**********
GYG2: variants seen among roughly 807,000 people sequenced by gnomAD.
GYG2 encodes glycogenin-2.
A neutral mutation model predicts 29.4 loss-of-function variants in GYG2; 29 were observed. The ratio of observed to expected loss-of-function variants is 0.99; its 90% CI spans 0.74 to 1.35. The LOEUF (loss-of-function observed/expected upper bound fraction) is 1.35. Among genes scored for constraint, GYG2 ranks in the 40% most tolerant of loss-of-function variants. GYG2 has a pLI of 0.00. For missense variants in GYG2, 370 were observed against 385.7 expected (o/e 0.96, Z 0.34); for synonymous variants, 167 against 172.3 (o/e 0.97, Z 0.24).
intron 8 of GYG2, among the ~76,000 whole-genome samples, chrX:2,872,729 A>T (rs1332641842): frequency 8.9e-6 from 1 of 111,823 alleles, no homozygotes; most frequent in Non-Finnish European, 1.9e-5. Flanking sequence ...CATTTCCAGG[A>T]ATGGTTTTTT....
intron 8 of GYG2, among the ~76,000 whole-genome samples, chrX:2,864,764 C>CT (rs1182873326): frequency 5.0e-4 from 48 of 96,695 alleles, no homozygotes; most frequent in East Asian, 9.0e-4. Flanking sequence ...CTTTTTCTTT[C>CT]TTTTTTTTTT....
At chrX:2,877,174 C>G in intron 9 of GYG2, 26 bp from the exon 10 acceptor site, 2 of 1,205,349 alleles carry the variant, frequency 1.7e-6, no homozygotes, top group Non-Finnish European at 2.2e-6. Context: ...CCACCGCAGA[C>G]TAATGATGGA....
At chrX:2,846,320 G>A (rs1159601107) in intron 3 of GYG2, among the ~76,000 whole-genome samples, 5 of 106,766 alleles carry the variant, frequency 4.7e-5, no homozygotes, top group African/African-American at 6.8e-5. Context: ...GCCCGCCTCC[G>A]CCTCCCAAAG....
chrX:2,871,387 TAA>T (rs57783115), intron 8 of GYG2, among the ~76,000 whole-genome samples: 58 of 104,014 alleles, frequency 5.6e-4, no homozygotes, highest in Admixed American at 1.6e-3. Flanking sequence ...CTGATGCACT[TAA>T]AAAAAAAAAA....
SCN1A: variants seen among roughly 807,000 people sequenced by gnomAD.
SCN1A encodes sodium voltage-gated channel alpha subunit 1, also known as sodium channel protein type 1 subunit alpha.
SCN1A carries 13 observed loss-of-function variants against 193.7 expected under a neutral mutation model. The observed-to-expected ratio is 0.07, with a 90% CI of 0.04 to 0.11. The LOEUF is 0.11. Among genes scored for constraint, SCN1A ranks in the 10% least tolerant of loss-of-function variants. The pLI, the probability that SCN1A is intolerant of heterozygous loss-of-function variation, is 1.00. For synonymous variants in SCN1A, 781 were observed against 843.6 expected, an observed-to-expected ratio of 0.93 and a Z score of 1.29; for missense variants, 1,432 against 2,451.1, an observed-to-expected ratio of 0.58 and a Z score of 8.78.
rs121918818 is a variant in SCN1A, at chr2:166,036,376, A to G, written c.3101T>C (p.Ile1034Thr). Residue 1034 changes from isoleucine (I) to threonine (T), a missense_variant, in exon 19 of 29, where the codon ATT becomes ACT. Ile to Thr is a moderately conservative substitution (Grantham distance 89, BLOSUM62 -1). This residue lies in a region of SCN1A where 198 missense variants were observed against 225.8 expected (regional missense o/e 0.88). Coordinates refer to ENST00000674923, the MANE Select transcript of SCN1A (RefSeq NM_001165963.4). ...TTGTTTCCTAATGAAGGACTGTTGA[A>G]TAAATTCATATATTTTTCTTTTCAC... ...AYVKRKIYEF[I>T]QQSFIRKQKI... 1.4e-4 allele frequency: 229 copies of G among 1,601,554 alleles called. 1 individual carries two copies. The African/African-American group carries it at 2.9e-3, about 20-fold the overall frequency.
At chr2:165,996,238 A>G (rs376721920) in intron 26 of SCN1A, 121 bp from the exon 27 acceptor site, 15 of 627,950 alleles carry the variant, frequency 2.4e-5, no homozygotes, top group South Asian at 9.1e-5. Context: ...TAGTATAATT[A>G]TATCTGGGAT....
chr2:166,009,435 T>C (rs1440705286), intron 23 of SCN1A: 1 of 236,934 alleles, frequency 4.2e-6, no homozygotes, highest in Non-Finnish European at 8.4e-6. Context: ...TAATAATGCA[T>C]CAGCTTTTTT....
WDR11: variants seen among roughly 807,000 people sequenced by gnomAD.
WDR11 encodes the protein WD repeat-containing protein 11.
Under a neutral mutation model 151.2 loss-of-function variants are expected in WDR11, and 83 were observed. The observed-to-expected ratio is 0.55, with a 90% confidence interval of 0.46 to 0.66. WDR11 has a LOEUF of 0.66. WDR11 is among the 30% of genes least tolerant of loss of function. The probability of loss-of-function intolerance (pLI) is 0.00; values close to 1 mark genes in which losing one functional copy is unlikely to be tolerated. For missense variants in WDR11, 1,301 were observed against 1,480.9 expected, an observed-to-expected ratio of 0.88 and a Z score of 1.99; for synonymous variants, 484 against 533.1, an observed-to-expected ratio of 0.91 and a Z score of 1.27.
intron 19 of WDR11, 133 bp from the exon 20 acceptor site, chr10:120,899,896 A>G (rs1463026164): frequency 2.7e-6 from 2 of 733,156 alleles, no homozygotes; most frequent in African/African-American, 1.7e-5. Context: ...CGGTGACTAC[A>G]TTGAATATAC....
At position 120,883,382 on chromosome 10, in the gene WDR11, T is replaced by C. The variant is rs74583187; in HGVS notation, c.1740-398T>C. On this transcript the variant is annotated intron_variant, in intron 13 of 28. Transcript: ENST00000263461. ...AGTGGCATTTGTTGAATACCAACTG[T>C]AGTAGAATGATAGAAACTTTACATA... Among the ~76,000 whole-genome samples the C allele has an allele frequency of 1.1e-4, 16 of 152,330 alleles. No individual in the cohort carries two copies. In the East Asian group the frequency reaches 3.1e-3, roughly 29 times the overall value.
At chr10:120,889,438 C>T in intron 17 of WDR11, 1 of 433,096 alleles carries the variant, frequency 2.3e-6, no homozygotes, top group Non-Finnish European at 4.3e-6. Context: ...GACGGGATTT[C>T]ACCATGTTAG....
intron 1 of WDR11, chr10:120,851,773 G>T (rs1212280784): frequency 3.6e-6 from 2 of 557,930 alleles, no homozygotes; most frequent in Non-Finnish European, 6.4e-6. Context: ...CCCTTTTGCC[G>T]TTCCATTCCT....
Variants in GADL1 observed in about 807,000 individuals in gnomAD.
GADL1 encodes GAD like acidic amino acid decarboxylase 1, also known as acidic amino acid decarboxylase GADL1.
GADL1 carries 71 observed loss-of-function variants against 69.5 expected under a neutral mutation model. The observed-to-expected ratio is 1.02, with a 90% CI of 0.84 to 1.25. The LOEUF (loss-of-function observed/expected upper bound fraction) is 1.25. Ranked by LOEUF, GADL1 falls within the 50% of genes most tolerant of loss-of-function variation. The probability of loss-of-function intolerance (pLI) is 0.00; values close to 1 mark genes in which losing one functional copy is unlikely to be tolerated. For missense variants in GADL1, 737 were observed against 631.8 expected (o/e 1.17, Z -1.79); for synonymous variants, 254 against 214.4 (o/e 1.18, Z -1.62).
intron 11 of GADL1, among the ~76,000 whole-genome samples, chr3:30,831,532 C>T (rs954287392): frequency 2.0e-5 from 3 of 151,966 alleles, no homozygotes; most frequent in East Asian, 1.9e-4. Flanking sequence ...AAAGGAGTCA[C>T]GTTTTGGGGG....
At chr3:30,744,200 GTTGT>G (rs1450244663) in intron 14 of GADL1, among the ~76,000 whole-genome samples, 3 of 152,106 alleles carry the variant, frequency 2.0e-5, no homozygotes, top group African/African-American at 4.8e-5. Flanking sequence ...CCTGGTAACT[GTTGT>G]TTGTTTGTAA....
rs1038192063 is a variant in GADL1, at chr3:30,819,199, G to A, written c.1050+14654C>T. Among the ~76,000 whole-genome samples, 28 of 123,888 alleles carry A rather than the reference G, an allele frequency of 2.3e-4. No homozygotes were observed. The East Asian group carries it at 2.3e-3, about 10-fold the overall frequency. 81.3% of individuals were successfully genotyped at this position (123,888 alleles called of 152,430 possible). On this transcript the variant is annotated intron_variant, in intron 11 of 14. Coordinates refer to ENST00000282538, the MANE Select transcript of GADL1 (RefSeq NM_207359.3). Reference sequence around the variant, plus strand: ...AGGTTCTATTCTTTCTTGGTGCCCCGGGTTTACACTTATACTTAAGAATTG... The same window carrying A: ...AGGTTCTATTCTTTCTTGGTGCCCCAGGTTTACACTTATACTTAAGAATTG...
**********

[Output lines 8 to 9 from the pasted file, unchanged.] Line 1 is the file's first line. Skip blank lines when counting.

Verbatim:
chrX:2,871,387 TAA>T (rs57783115), intron 8 of GYG2, among the ~76,000 whole-genome samples: 58 of 104,014 alleles, frequency 5.6e-4, no homozygotes, highest in Admixed American at 1.6e-3. Flanking sequence ...CTGATGCACT[TAA>T]AAAAAAAAAA....
SCN1A: variants seen among roughly 807,000 people sequenced by gnomAD.